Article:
Corporate Banner
Satellite Banner
Stem Cells, Cellular Therapy & Biobanking
>
Scientific Community
 
Become a Member | Sign in
Home>News>This Article
  News
Return

Whitehead Members to Help Establish International Stem Cell Research Center

Published: Tuesday, October 02, 2012
Last Updated: Tuesday, October 02, 2012
Bookmark and Share
Three Members of the Whitehead Institute faculty are poised to play significant roles in the establishment of a new stem cell research center based in suburban Moscow.

Whitehead Founding Member Rudolf Jaenisch, and Members Richard Young and Peter Reddien, will contribute their research, educational, and entrepreneurial expertise to the Skolkovo Center for Stem Cell Research (SCSCR). The center is among the first of three core research facilities to be created at Skolkovo Tech, a private graduate research university in Skolkovo, Russia, established in 2011 in collaboration with Massachusetts Institute of Technology.

Skolkovo Tech’s research centers—known as Centers for Research, Education, and Innovation (CREIs)— are intended to advance scientific understanding in a particular field, develop cutting-edge technologies for potential commercialization, attract world-class scientists to Skolkovo, and train the next generations of promising students. CREIs are international partnerships consisting of researchers from at least three universities or research institutes: Skolkovo Tech, a Russian university or institute, and a non-Russian university. As part of SCSCR, the Whitehead scientists will join a team under the direction of Peter Lansdorp, Director of the European Research Institute for the Biology of Aging at University of Groningen Medical Center UMCG in the Netherlands.

“This is a very promising experiment,” Lansdorp says. “By stimulating international collaboration, it is certain to advance stem cell science while at the same time helping Russian students—trained by leading stem cell scientists from Whitehead Institute and the Netherlands—to become productive scientists in Moscow."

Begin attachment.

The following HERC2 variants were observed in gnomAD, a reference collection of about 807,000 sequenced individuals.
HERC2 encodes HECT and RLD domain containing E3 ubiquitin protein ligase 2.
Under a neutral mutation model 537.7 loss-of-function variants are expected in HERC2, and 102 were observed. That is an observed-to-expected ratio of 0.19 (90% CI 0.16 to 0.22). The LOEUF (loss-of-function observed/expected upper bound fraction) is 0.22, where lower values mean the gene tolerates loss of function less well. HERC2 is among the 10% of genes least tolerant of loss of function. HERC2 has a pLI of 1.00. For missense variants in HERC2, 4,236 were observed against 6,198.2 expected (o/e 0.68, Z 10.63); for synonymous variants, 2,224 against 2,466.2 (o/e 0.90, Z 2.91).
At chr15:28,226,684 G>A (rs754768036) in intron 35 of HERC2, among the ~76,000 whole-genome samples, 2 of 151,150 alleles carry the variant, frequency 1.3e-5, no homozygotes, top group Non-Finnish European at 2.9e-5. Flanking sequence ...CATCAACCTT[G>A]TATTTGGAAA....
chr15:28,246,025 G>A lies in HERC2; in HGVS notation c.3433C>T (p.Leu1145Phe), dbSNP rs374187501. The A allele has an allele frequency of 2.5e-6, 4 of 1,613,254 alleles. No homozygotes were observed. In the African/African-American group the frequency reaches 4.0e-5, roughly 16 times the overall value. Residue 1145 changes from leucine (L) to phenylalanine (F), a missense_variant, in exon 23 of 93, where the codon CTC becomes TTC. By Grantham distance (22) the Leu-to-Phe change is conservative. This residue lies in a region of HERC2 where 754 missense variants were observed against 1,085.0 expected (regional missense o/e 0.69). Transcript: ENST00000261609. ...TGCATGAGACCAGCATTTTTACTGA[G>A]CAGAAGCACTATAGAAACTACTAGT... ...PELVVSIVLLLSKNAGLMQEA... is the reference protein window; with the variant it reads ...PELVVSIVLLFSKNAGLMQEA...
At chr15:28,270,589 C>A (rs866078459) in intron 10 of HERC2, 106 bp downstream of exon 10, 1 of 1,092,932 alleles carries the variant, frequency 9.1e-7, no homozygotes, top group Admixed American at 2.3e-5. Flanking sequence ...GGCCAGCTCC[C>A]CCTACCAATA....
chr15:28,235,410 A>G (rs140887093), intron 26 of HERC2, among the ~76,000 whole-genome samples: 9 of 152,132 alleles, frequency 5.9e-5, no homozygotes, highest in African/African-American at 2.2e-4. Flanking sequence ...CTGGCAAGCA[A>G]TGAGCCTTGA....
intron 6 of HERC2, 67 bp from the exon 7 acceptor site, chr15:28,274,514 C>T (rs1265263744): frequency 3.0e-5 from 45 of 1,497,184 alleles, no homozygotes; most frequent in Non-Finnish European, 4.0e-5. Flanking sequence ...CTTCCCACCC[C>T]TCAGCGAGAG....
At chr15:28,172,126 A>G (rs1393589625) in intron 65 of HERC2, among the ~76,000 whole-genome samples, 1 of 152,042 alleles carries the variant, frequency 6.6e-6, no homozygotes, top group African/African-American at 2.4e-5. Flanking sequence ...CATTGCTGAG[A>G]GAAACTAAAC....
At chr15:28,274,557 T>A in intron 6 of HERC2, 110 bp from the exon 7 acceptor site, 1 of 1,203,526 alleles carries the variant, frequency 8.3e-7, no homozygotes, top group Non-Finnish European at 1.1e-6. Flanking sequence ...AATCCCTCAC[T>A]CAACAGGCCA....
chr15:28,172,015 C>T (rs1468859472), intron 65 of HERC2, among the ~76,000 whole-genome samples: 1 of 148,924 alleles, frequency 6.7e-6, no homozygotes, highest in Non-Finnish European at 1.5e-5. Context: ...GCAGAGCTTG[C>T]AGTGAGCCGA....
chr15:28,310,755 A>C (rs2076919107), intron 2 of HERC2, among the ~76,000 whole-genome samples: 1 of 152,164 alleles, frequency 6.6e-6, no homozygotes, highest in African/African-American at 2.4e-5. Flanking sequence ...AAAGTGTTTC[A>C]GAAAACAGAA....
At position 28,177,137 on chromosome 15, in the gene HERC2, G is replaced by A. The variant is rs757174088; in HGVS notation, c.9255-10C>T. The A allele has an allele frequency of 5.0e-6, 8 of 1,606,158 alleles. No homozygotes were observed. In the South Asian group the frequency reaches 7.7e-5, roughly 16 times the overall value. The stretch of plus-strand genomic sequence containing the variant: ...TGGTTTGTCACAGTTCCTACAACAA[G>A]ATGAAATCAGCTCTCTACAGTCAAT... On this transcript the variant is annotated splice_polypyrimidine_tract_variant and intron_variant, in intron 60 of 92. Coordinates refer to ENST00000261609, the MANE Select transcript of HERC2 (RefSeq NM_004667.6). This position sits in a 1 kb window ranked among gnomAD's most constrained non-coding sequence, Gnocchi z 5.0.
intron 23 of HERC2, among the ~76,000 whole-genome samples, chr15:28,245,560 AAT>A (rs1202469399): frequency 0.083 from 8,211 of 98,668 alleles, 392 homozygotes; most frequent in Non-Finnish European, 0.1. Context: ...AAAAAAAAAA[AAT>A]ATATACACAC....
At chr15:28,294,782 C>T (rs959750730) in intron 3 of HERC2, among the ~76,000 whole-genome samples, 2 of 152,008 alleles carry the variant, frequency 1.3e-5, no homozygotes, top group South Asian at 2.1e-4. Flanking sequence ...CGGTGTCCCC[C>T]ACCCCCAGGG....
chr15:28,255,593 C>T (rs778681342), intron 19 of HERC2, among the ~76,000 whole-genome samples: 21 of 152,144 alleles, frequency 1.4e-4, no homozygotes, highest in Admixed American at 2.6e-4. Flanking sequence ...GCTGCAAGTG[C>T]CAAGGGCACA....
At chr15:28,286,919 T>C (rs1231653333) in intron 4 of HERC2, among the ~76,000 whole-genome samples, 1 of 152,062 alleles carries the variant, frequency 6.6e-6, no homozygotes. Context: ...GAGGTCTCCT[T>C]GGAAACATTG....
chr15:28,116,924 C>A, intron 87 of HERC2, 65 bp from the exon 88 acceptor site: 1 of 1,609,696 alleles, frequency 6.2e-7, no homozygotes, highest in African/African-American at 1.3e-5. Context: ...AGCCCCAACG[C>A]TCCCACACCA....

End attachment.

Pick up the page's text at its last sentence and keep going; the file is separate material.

Within SCSCR, Lansdorp, Jaenisch, Young, Reddien and others will tackle some of the most fundamental challenges to the development of stem-cell-based therapeutics, including optimizing methods for cellular reprogramming, pluripotent stem cell differentiation, and the identification of gene networks involved in stem cell regulation and regeneration.

Although funding details for the stem cell center are not yet final, Skolkovo officials say that a typical CREI receives about $10 million worth of funding, depending on the scope of each research program.

“Skolkovo’s research centers are unique in their synergy between scientific knowledge and practical application, which originates through various institutes working together in a new way,” says Skolkovo Tech President Edward Crawley. “Russian researchers gain access to cutting edge technologies and the opportunity to integrate into the world's scientific community, our international partners will benefit from the academic knowledge and new ideas produced within Russian institutes, and Skolkovo Tech will attract the world's best scientists to create its educational and research programs.”


Further Information

Join For Free

Access to this exclusive content is for Technology Networks Premium members only.

Join Technology Networks Premium for free access to:

  • Exclusive articles